Disbanded in 1945 by the new communist authorities and re-established in two stages a few years later (1947 and 1949), the Oltenia metropolis is today among the six metropolises operating in our country, with as suffragettes the archdioceses of Craiova and Râmnicu and the bishops and Strehaia and Slatina and the Romanians. In the eight decades of its existence, it was led by worthy hierarchs who knew how to lead it in times not always quiet, increasing its spiritual and material dowry, establishing prestigious schools (theological seminary and theology faculty), founding new places of worship. cult, organizing a remarkable social apostolate.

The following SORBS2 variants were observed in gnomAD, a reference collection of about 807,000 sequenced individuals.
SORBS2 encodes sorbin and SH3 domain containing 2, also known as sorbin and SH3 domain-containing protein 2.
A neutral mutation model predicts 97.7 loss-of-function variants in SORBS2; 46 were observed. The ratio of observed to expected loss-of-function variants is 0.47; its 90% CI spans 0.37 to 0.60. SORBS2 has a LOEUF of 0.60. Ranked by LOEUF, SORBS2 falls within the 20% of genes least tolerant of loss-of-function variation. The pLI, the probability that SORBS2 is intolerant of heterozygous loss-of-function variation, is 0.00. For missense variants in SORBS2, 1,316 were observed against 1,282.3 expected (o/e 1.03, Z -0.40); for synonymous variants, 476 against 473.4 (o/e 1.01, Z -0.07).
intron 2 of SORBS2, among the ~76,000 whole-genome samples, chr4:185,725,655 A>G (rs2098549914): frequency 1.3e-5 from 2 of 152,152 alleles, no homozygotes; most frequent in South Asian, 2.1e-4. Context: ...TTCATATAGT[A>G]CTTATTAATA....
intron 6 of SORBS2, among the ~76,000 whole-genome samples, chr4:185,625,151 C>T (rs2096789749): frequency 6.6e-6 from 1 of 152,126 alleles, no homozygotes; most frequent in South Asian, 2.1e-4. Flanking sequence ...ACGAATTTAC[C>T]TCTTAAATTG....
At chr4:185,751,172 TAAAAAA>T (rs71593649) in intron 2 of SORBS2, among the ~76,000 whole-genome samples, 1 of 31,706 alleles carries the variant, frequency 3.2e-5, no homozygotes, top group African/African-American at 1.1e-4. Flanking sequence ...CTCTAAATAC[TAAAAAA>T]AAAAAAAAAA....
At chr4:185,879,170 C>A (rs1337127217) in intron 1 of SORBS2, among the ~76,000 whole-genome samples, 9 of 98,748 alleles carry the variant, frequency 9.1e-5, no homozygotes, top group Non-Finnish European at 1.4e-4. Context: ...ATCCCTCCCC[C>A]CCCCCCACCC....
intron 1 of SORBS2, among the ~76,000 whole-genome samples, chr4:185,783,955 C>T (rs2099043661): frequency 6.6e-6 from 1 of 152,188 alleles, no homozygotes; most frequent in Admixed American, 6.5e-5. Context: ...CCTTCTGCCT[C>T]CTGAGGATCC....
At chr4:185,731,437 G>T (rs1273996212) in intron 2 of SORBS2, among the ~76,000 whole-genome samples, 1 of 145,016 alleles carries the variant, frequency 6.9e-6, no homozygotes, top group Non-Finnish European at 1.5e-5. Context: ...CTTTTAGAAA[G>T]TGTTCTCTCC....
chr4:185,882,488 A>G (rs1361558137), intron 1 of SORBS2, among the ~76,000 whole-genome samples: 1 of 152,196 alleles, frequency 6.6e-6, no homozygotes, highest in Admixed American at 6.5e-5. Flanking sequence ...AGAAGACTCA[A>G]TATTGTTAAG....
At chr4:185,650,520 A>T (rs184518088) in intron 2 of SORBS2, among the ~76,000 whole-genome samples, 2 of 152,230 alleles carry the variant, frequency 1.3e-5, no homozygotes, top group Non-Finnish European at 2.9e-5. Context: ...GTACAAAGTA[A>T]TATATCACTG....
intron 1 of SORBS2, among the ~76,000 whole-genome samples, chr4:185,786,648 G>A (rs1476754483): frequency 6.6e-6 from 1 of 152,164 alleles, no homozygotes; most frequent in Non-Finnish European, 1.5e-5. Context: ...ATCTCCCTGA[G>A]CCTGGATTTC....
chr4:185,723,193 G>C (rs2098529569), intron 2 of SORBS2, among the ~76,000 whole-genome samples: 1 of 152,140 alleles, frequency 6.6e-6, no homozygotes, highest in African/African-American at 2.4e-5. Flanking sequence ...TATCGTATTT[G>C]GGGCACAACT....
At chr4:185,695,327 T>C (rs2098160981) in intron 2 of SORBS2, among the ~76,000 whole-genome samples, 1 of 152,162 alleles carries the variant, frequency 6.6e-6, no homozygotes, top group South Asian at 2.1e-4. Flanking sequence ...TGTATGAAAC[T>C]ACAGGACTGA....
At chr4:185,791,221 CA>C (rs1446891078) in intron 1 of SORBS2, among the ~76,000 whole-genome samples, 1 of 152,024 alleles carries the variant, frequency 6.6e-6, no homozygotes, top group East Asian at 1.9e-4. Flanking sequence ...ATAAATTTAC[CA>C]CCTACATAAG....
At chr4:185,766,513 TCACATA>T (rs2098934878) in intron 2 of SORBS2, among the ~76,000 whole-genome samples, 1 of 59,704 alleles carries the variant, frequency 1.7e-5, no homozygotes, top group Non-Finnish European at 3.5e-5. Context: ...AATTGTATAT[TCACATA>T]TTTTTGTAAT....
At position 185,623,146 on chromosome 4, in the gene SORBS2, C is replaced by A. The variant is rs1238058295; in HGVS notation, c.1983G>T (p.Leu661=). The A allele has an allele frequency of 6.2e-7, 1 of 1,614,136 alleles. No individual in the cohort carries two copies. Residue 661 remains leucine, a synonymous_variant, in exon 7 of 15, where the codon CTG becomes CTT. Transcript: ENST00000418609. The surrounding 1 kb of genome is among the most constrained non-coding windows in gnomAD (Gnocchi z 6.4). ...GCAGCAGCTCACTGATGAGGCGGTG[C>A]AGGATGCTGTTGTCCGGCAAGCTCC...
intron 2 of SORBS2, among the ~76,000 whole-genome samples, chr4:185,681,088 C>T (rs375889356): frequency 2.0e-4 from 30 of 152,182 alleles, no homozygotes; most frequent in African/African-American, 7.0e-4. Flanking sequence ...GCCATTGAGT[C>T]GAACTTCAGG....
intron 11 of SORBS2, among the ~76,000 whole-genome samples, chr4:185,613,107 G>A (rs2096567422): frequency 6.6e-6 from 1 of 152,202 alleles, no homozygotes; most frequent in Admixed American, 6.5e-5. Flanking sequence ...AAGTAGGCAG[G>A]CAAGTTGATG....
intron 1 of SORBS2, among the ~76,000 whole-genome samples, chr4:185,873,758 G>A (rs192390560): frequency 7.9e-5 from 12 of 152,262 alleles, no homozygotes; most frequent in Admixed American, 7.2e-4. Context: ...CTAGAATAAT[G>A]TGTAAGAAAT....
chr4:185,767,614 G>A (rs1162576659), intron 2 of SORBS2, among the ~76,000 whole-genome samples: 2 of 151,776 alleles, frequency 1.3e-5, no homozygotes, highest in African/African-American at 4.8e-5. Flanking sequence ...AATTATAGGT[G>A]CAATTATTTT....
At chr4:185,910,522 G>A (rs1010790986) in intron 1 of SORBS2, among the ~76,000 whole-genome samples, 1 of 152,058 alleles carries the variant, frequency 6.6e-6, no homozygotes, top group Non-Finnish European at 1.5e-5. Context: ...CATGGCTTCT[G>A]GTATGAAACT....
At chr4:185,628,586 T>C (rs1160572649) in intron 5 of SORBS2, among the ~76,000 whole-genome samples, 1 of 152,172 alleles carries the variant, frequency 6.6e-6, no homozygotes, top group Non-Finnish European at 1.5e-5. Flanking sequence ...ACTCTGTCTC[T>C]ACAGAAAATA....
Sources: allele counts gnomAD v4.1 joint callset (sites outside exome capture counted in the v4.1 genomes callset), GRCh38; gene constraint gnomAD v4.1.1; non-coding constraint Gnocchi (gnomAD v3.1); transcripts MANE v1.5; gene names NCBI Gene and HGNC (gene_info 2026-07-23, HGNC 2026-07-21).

Last but not least, the activity carried out by the Oltenian priests over the centuries should be noted. Even if in the medieval period the priesthood was inherited from father to son, so that a parish was sometimes pastored for hundreds of years by priests from the same family, this does not mean that other young people with a clean life could not enter this tagma, some of them being Romanians deprived of other rights, but accepted by the Church, according to the teaching of the Savior: “He is no longer a Jew, nor a Greek; he is neither a slave nor free; it is no longer a male part and a female part, because you are all one in Christ Jesus (Galatians 3:28). When there were no schools for the training of future priests, the young people who wanted to follow this vocation were instructed by an older priest or by hieromonks from a monastery or hermitage near their parents’ house. Even after the founding of the seminary in Râmnic (1837), the tradition of practicing in a parish or monastery was preserved and with it the certainty of the unaltered transmission of Orthodox teachings and traditions, with all attempts at proselytism made when the province was under foreign rule. Therefore, in Oltenia, every square meter of land is full of Orthodox tradition and spirituality. Whether we are talking about smaller or larger settlements or forests and mountains, the presence of the Christians of yesteryear can be felt everywhere, be they lay, clerics or monks. Their work is still alive and from the heavens they watch and pray that this territory will remain until the end of the centuries a hearth of Romanian Orthodox history and spirituality.